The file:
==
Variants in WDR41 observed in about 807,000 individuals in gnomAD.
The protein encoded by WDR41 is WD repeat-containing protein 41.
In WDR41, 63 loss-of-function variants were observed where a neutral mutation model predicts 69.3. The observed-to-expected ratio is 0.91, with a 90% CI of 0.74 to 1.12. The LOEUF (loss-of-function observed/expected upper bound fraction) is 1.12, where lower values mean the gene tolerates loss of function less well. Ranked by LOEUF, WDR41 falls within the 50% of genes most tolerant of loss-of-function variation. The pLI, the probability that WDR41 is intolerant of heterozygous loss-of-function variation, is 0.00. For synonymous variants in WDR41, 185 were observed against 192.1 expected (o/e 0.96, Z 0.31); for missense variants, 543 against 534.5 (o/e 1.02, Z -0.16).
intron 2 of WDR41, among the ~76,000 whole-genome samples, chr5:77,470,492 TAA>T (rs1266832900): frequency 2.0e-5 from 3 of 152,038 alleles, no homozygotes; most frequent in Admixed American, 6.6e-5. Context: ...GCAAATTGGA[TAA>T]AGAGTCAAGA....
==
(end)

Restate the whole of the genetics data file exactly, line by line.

Variants in WDR41 observed in about 807,000 individuals in gnomAD.
The protein encoded by WDR41 is WD repeat-containing protein 41.
In WDR41, 63 loss-of-function variants were observed where a neutral mutation model predicts 69.3. The observed-to-expected ratio is 0.91, with a 90% CI of 0.74 to 1.12. The LOEUF (loss-of-function observed/expected upper bound fraction) is 1.12, where lower values mean the gene tolerates loss of function less well. Ranked by LOEUF, WDR41 falls within the 50% of genes most tolerant of loss-of-function variation. The pLI, the probability that WDR41 is intolerant of heterozygous loss-of-function variation, is 0.00. For synonymous variants in WDR41, 185 were observed against 192.1 expected (o/e 0.96, Z 0.31); for missense variants, 543 against 534.5 (o/e 1.02, Z -0.16).
intron 2 of WDR41, among the ~76,000 whole-genome samples, chr5:77,470,492 TAA>T (rs1266832900): frequency 2.0e-5 from 3 of 152,038 alleles, no homozygotes; most frequent in Admixed American, 6.6e-5. Context: ...GCAAATTGGA[TAA>T]AGAGTCAAGA....